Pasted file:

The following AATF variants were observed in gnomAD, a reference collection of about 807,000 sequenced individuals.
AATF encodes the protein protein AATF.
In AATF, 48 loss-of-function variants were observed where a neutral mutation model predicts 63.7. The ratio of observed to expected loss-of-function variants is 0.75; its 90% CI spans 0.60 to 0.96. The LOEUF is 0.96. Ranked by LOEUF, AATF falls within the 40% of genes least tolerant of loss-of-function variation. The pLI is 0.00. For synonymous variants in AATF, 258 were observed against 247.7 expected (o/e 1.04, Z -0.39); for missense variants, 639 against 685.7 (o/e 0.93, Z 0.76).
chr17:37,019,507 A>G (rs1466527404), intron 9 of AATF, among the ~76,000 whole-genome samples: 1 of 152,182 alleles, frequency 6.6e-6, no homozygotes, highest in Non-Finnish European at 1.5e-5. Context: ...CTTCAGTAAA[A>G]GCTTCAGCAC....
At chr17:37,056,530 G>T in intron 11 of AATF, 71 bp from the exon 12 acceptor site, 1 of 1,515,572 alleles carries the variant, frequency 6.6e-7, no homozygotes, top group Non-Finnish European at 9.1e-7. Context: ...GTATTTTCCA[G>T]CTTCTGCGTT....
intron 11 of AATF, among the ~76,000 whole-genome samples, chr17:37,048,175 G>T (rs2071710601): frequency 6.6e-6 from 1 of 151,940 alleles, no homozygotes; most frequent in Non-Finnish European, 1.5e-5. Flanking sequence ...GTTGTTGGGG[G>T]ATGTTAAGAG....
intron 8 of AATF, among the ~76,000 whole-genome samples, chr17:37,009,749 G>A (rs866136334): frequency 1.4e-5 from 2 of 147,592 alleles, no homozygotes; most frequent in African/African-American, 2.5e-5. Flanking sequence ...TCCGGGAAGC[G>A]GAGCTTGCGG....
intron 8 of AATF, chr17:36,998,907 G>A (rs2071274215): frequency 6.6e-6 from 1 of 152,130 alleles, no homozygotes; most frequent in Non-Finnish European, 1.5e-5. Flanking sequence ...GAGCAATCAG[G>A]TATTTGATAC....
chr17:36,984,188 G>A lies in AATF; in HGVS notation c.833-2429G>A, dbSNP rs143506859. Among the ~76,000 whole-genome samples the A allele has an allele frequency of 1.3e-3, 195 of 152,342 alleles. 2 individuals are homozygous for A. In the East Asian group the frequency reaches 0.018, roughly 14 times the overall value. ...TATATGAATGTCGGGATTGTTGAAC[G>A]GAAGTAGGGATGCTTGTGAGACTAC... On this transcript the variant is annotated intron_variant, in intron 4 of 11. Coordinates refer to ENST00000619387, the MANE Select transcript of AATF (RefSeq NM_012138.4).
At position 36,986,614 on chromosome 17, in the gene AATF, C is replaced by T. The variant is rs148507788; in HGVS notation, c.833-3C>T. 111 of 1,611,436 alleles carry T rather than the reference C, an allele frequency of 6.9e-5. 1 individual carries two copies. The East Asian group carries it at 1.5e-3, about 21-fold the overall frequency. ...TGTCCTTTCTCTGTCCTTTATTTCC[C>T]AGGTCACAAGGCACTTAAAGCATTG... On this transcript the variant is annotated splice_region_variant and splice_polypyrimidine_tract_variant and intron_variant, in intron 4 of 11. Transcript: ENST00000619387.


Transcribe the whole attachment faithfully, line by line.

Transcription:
The following AATF variants were observed in gnomAD, a reference collection of about 807,000 sequenced individuals.
AATF encodes the protein protein AATF.
In AATF, 48 loss-of-function variants were observed where a neutral mutation model predicts 63.7. The ratio of observed to expected loss-of-function variants is 0.75; its 90% CI spans 0.60 to 0.96. The LOEUF is 0.96. Ranked by LOEUF, AATF falls within the 40% of genes least tolerant of loss-of-function variation. The pLI is 0.00. For synonymous variants in AATF, 258 were observed against 247.7 expected (o/e 1.04, Z -0.39); for missense variants, 639 against 685.7 (o/e 0.93, Z 0.76).
chr17:37,019,507 A>G (rs1466527404), intron 9 of AATF, among the ~76,000 whole-genome samples: 1 of 152,182 alleles, frequency 6.6e-6, no homozygotes, highest in Non-Finnish European at 1.5e-5. Context: ...CTTCAGTAAA[A>G]GCTTCAGCAC....
At chr17:37,056,530 G>T in intron 11 of AATF, 71 bp from the exon 12 acceptor site, 1 of 1,515,572 alleles carries the variant, frequency 6.6e-7, no homozygotes, top group Non-Finnish European at 9.1e-7. Context: ...GTATTTTCCA[G>T]CTTCTGCGTT....
intron 11 of AATF, among the ~76,000 whole-genome samples, chr17:37,048,175 G>T (rs2071710601): frequency 6.6e-6 from 1 of 151,940 alleles, no homozygotes; most frequent in Non-Finnish European, 1.5e-5. Flanking sequence ...GTTGTTGGGG[G>T]ATGTTAAGAG....
intron 8 of AATF, among the ~76,000 whole-genome samples, chr17:37,009,749 G>A (rs866136334): frequency 1.4e-5 from 2 of 147,592 alleles, no homozygotes; most frequent in African/African-American, 2.5e-5. Flanking sequence ...TCCGGGAAGC[G>A]GAGCTTGCGG....
intron 8 of AATF, chr17:36,998,907 G>A (rs2071274215): frequency 6.6e-6 from 1 of 152,130 alleles, no homozygotes; most frequent in Non-Finnish European, 1.5e-5. Flanking sequence ...GAGCAATCAG[G>A]TATTTGATAC....
chr17:36,984,188 G>A lies in AATF; in HGVS notation c.833-2429G>A, dbSNP rs143506859. Among the ~76,000 whole-genome samples the A allele has an allele frequency of 1.3e-3, 195 of 152,342 alleles. 2 individuals are homozygous for A. In the East Asian group the frequency reaches 0.018, roughly 14 times the overall value. ...TATATGAATGTCGGGATTGTTGAAC[G>A]GAAGTAGGGATGCTTGTGAGACTAC... On this transcript the variant is annotated intron_variant, in intron 4 of 11. Coordinates refer to ENST00000619387, the MANE Select transcript of AATF (RefSeq NM_012138.4).
At position 36,986,614 on chromosome 17, in the gene AATF, C is replaced by T. The variant is rs148507788; in HGVS notation, c.833-3C>T. 111 of 1,611,436 alleles carry T rather than the reference C, an allele frequency of 6.9e-5. 1 individual carries two copies. The East Asian group carries it at 1.5e-3, about 21-fold the overall frequency. ...TGTCCTTTCTCTGTCCTTTATTTCC[C>T]AGGTCACAAGGCACTTAAAGCATTG... On this transcript the variant is annotated splice_region_variant and splice_polypyrimidine_tract_variant and intron_variant, in intron 4 of 11. Transcript: ENST00000619387.